Missouri lawmakers are hoping to quickly approve about $320 million in funding for rental assistance — part of the $25 billion in rental assistance passed by Congress in December’s COVID-19 relief package.
The House Budget committee unanimously voted to advance the funding bill Tuesday afternoon. House Budget Committee Chairman Cody Smith, R-Jasper County, expects the House to approve it later this week.
“We want to get this out to the folks who need it as quickly as possible across the state,” Smith said.
Missouri Housing Development Commission Director Kip Stetzler faced tough questions from committee members about how the state agency will be able to get this money out the door quickly. Before the onset of the pandemic, the commission administered only about $3 million of housing assistance a year.
“That’s exponential growth in a very small amount of time,” Smith said. “It makes me a little nervous about the deployment of these resources.”
The commission has spent less than half of the $28 million in CARES Act funding for housing assistance that’s been available since December.
About $10 million of that federal funding has been awarded to local nonprofits and agencies to provide this rental and utility assistance, said Stetzler. However, he can’t say how much those groups have actually spent.
Another approximately $2 million has gone to landlords, through the commission’s Missouri Emergency Rental Arrears Program (ERAP), which launched on Jan. 4.
Within the first week, the commission received 2,000 applications, and Stetzler estimates that the applications take about 10 days to process. He wasn’t sure how many applications have been processed so far.
Rep. Peter Merideth, D-St. Louis, said he’s heard from groups that mediate eviction cases between tenants and landlords that the ERAP application can take between five to 10 hours to complete. Merideth asked the director if there is a way to streamline the application process.
“No, that’s always the challenge,” Stetzler said. “We have to balance out trying to get this money out the door as quickly as possible to those that need it. But also making sure that we keep an eye on applications from folks that don’t qualify.”
In Missouri, Stetzler said the estimated rental shortfall is between $294 million and $417 million, according to an independent study from the National Council on State Housing Agencies. The estimated number of Missouri households at risk of eviction are between 150,000 to 230,000.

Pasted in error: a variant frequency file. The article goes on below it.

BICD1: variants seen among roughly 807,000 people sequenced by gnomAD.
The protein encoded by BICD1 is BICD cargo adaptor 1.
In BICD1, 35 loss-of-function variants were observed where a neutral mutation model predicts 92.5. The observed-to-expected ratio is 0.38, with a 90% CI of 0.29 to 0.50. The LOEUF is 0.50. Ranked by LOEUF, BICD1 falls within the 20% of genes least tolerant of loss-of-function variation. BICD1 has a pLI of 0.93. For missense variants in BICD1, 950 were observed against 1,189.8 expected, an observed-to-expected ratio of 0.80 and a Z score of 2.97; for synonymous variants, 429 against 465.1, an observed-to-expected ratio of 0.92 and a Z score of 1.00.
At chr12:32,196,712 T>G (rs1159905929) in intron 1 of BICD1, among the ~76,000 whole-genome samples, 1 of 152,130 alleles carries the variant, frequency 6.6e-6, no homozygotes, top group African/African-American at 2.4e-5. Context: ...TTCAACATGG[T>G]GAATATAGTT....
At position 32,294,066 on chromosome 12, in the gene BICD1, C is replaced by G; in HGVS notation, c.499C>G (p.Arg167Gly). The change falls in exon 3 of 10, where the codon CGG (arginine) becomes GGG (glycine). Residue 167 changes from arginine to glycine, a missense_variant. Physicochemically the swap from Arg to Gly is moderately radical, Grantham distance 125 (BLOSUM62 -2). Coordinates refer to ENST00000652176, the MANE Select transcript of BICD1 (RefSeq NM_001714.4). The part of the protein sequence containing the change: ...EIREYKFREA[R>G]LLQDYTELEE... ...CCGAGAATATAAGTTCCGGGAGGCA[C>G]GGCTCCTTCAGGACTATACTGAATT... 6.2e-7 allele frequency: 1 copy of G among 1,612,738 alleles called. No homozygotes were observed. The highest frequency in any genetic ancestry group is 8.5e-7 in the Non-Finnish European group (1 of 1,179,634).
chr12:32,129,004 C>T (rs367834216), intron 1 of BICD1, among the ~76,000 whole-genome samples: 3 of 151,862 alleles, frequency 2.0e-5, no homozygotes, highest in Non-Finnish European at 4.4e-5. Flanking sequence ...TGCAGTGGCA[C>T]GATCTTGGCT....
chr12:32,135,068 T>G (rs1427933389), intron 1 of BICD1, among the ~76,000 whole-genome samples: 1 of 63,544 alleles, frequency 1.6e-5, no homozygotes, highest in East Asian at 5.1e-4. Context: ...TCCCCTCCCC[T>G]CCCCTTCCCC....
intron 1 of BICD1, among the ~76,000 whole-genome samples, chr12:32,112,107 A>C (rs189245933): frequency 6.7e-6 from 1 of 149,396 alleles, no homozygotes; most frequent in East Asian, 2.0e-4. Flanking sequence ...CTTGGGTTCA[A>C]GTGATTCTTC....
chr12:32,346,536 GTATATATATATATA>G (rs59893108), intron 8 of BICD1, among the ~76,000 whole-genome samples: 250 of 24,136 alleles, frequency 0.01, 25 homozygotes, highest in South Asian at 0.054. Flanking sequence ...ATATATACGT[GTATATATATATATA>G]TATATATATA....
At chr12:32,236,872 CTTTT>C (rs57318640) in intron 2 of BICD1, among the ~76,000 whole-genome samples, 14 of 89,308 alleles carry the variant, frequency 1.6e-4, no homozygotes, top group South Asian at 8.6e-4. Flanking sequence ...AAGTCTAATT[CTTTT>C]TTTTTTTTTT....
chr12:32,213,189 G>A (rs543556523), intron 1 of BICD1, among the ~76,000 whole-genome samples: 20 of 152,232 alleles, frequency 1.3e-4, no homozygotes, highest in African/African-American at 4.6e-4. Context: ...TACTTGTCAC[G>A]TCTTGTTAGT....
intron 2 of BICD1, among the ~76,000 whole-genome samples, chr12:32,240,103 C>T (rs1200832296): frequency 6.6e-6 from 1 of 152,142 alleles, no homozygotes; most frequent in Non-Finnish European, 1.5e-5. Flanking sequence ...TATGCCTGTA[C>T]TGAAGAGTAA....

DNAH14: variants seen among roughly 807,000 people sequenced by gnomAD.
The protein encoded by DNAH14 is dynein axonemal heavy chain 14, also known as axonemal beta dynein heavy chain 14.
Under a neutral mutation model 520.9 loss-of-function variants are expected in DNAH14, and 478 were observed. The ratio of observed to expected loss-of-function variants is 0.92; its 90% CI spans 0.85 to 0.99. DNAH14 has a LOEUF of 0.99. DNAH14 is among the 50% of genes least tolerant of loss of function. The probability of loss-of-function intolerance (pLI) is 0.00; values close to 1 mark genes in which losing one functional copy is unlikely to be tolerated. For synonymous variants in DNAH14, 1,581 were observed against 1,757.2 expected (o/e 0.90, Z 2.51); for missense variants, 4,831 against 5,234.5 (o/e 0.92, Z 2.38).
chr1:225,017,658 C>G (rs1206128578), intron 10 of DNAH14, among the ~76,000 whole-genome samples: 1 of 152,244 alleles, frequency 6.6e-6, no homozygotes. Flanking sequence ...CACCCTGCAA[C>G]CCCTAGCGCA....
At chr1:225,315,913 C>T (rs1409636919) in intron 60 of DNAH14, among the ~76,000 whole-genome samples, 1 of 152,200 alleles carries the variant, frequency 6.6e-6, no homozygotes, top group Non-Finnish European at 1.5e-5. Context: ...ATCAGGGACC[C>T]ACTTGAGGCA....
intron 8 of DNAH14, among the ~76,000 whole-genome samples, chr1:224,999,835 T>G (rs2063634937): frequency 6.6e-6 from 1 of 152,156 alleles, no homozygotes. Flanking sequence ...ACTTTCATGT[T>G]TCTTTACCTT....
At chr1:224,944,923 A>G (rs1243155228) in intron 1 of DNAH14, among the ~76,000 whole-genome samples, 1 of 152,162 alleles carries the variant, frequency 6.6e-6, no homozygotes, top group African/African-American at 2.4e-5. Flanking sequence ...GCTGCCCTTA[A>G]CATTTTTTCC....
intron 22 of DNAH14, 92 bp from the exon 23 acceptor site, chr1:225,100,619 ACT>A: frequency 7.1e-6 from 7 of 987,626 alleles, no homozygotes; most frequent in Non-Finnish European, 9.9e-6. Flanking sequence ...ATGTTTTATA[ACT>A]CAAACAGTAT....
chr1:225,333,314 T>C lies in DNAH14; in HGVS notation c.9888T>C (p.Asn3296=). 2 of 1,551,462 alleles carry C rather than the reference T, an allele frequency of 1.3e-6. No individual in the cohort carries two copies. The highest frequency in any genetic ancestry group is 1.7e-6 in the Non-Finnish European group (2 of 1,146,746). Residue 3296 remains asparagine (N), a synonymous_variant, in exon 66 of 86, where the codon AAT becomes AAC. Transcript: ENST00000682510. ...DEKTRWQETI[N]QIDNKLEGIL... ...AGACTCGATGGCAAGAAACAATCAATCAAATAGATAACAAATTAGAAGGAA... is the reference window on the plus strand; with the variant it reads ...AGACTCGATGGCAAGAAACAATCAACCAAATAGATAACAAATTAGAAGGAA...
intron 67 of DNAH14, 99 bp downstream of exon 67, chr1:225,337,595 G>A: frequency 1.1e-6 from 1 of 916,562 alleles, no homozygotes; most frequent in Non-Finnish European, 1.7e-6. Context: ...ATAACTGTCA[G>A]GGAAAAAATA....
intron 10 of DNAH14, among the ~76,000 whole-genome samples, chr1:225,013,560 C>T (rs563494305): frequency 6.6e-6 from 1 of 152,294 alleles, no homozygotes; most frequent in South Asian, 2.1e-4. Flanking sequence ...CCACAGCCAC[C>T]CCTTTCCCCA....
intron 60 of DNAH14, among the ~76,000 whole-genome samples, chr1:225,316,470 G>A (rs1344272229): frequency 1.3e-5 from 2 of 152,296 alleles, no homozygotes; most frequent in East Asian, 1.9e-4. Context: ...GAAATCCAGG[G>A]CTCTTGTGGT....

“So, certainly, I think the need is there,” Stetzler said.
The formula the federal government used to terminate how much the states received was based on population. Missouri was awarded about $408 million, but the state’s seven largest counties — Clay, Green, Jackson, St. Louis and Jefferson counties and Kansas City and St. Louis city — were able to apply directly to the U.S. Department of Treasury for this money.
That total was about $90 million. Now, the state would receive $311 million, but the state’s budget director believes the accruing interest will bump that amount up to $322 million by the time the bill passes and the governor signs it.
St. Louis city already received its $9 million from the Treasury, said Steve Conway, chief of staff for St. Louis Mayor Lyda Krewson.
St. Louis city residents make up 5 percent of the state’s population, and based on the formula, they should have received 5 percent of the $408 million — which would be $20 million.
“We’ve only received 45 percent of our share,” said Conway, just like the other larger counties that applied.
Kansas City received $14.8 million, Jackson County $11.6 million, and Clay County $3.6 million, according to a press release from Congressman Emanuel Cleaver.
Merideth asked if the state would be able to give additional money directly to these eight governments if their rental assistance programs run dry. Stetzler said he did not know.
Likely these residents would have to apply directly to the state, he said.
Tenants could apply as early as Feb. 1, Stetzler said, but they will not open the application until the legislature approves the bill.
Some legislators expressed concern that the commission would administer these funds using a 2.5 percent administrative cut of the total. The federal government says up to 10 percent could be used.
“It certainly is a lot of money,” Smith said.
However, St. Louis city has been processing tenants applications since July, and Conway said it’s a time-consuming process. The city has worked with the United Way and other organizations, but some struggle to complete the workload with just a 10-percent administrative fee.
“We’ve found some charity organizations that have waived any fee,” he said. “But employees have to be paid, and new staff has to be paid to be doing this work.”
Conway expects the city will be able to begin processing applications for this new funding on Feb. 15.
Cleaver said the funds will help avoid an “eviction tsunami.”
“The eviction crisis is one that continues to grow with each passing day,” Cleaver said, “as thousands of Missourians have been displaced from their home since March.”